Samuel Fuller had ink in his veins, just like the hero of his 1952 newspaper epic, Park Row. After all, he started working as a copy boy when he was fourteen or so, and at seventeen he was the youngest crime reporter in the country, employed by the most daring and scurrilous tabloid America has ever seen, the New York Evening Graphic. When that paper folded (under the combined impact of a number of libel suits), he moved to California and soon began supplementing his salary by writing film scripts, selling his first in 1936, when he was just twenty-four. Five years later he was in the movie business full-time, and he directed his first picture, I Shot Jesse James, in 1949, not long after he got out of the service. In Hollywood he was clearly drawing on another part of his brain—he was a wildly visual and visceral filmmaker, and one of the great masters of the moving camera—but he never shed his reportorial instincts. He knew how to sell a story as well as tell one, how to hit hard and not let go. Every one of his movies has a built-in banner headline.
Pickup on South Street has a nominal subject as timely as any in the morning paper in 1952—PICKPOCKET HEISTS RED SPY MOLL––although today we might be more inclined to see it as PICKPOCKET FINDS LOVE, CHEATS DEATH. The Commie angle, besides being practically de rigueur for Hollywood that year, was a surefire means of injecting fear and trembling into the proceedings, by introducing a faceless, inhuman evil to contrast with the peccadilloes of the workaday American crook. That the picture is barely political can be demonstrated by the fact that, in France, where the Communist Party was a significant presence nobody wanted to offend, Pickup was released as Le Porte de la drogue—the villains became drug smugglers—with changes made only to the dubbed dialogue. What is at stake, after all, is nothing as high-flown as The American Way (“Are you waving the flag at me?” pickpocket Skip McCoy asks the FBI agent grilling him); rather, it is the possibility of a force so morally alien that, like the child molester in Fritz Lang’s M, the law and the underworld can be united, however briefly, against it.
McCoy is played by Richard Widmark, whose face could illustrate the dictionary definition of insolence. One look at him and you don’t even need the backstory to know why the cops want to send him up the river for good. Although he went on to play a wide variety of characters in his career, he was initially typed by his screen debut, which was also his first starring role, in Henry Hathaway’s Kiss of Death (1947), in which he kicks an old lady down the stairs. Here it is the old lady who nearly does him in, although their relationship is complex—she is, for all dramatic intents and purposes, his mother. Playing the part is the inimitable Thelma Ritter, who was unsurprisingly nominated for an Oscar for the role (it was the fourth of her six nominations in a twelve-year span; she never won). Ritter, only nine years older than Widmark, took the stereotypical Apple Annie character and over the course of her career made a Russian novel out of it. Here she is pathetic, cold-blooded, kittenish, stalwart, cunning, and tender, sometimes all at once. The love interest is supplied by Jean Peters, who is awe-inspiringly ripe—you imagine wardrobe having to gaffer-tape her dress every morning, to keep her from bursting out of it. Peters may not have been the greatest line-reader who ever lived, but she exudes sex so palpably, you can smell the pheromones. (She lost the fifties erotica sweepstakes to the forces of blondeness, alas, and gave up and married Howard Hughes.)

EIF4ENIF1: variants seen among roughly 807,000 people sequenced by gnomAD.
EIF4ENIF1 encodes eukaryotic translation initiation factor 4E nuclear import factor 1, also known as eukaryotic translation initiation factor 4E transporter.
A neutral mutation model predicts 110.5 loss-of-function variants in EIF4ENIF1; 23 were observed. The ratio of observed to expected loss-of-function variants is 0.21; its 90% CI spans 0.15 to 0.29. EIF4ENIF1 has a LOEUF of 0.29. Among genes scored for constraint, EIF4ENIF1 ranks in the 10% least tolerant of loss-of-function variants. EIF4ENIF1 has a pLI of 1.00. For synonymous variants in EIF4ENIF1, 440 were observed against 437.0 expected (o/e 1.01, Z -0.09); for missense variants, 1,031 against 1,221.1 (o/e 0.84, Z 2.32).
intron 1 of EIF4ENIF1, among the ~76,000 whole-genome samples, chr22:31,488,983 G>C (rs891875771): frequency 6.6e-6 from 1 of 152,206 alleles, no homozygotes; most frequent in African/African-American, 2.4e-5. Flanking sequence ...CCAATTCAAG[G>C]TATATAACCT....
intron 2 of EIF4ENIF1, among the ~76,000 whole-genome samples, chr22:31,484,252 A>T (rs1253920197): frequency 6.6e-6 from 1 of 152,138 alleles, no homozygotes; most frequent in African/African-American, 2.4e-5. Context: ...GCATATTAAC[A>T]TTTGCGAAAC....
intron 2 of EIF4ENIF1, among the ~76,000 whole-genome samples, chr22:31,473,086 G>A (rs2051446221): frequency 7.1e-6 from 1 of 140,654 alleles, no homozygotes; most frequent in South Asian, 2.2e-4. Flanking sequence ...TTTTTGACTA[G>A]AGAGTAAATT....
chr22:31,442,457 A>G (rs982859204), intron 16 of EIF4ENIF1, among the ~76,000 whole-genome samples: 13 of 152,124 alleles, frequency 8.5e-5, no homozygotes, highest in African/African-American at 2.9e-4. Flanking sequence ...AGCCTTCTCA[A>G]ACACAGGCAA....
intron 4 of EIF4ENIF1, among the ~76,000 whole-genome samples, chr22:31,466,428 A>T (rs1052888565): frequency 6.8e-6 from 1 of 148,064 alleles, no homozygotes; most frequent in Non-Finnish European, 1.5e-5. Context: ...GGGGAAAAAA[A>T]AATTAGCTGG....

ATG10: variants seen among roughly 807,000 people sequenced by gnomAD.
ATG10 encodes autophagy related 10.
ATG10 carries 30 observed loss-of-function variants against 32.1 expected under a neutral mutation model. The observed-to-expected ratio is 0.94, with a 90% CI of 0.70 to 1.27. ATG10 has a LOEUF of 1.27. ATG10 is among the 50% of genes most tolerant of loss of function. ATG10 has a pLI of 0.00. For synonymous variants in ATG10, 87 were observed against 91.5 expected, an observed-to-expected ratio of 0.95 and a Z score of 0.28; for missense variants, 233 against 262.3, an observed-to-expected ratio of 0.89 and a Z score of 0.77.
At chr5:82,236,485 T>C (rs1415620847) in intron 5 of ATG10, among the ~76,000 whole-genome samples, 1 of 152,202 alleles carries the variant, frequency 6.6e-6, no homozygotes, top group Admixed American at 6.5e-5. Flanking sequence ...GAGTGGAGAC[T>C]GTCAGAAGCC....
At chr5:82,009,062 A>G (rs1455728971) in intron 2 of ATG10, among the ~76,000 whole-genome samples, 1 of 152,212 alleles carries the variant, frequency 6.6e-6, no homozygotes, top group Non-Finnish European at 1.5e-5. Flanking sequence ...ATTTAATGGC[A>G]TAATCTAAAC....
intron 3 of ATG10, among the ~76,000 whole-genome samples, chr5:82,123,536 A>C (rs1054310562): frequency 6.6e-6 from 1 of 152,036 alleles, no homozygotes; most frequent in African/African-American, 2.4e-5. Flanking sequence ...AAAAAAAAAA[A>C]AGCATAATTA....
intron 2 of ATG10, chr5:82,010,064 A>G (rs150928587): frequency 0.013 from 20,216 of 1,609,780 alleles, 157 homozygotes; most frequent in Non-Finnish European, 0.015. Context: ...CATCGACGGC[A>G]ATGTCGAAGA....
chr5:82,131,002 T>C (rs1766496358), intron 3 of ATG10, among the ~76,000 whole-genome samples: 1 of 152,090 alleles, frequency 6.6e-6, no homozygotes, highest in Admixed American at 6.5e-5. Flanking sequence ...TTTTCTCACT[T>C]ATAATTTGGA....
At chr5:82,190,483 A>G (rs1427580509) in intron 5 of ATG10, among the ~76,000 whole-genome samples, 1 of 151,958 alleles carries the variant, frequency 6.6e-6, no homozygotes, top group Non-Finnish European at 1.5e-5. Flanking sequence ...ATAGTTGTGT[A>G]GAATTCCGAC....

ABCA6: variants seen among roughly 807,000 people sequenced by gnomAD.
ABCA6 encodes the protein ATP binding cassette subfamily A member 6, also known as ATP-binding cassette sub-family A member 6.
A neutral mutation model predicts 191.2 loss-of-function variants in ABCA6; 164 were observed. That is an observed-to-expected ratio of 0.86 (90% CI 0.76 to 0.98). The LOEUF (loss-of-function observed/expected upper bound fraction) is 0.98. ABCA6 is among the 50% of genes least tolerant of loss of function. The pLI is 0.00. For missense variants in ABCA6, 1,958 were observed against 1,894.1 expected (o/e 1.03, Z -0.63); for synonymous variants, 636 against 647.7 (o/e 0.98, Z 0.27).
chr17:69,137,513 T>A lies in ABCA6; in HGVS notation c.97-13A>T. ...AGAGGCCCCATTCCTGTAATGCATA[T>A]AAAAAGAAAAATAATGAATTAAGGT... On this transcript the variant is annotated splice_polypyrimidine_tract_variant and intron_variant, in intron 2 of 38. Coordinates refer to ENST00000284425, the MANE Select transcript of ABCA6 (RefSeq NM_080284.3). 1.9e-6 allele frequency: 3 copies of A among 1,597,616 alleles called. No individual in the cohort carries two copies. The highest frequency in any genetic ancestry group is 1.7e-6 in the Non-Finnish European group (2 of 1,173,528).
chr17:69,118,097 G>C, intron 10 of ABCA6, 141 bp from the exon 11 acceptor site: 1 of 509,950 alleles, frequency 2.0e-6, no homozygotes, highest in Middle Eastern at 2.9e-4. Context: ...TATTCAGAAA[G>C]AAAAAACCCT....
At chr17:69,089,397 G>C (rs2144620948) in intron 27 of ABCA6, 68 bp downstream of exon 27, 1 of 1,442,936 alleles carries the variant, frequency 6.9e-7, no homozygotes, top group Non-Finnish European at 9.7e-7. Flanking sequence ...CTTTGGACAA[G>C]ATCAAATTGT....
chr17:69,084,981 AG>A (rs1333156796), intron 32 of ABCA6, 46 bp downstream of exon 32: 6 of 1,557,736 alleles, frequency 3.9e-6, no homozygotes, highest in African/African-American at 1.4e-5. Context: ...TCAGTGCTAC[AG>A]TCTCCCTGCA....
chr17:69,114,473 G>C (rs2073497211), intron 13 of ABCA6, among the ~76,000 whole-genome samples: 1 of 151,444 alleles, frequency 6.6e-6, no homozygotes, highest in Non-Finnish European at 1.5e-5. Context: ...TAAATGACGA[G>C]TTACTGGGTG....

The locations are few but well chosen. A street, a subway station, a Chinese restaurant, a precinct-house office, an apartment (with that forgotten urban-thriller resource, the dumbwaiter)—put them together and presto! you have New York City and its teeming masses. Richard Widmark’s home is something else again, though: a bait-and-tackle shack on stilts, connected to South Street by a swinging bridge. It seems like a preposterous idea today, when New York’s function as a port has been all but erased, but (although I could almost swear I’ve seen a Berenice Abbott photograph of it from the 1930s) it was close to preposterous then, too. The shack is a bubble cantilevered off the tip of the material world, the bridge leading to it passing through the wall of sleep. In the midst of a zillion urban-grit signifiers, the shack cues viewers to the numerous fantasy elements of the story, not least the Red spy subtheme, but also the crooks themselves, who come from The Threepenny Opera by way of Damon Runyon. The shack is the beyond, but given that it is a real shack, roughly carpentered and battered by weather, it is also—what might be Fuller’s heraldic device—the embodiment of contradiction.
Fuller is crude and subtle, blatant and deep, unschooled and spilling over with ancient lore, harsh and plaintive, cynical and so attuned to complicated human emotions, you can’t accuse him of being merely sentimental. Pickup on South Street, it follows, is a penny dreadful with a hundred layers of felt meaning—the kind you register subcutaneously, without requiring professors to dissect and explicate it. If film noir is a genre in which tin-pot crimes are merely the outer manifestations of the churning unconscious, then Pickup on South Street is quintessential noir. Like so many of the worthwhile products of the American 1950s, it is a work of reverberating complexity, wrapped up to look like a candy bar.
Luc Sante is the author of Low Life: Lures and Snares of Old New York, Evidence, The Factory of Facts, and co-editor of O.K. You Mugs: Writers on Movie Actors. He teaches at Bard College.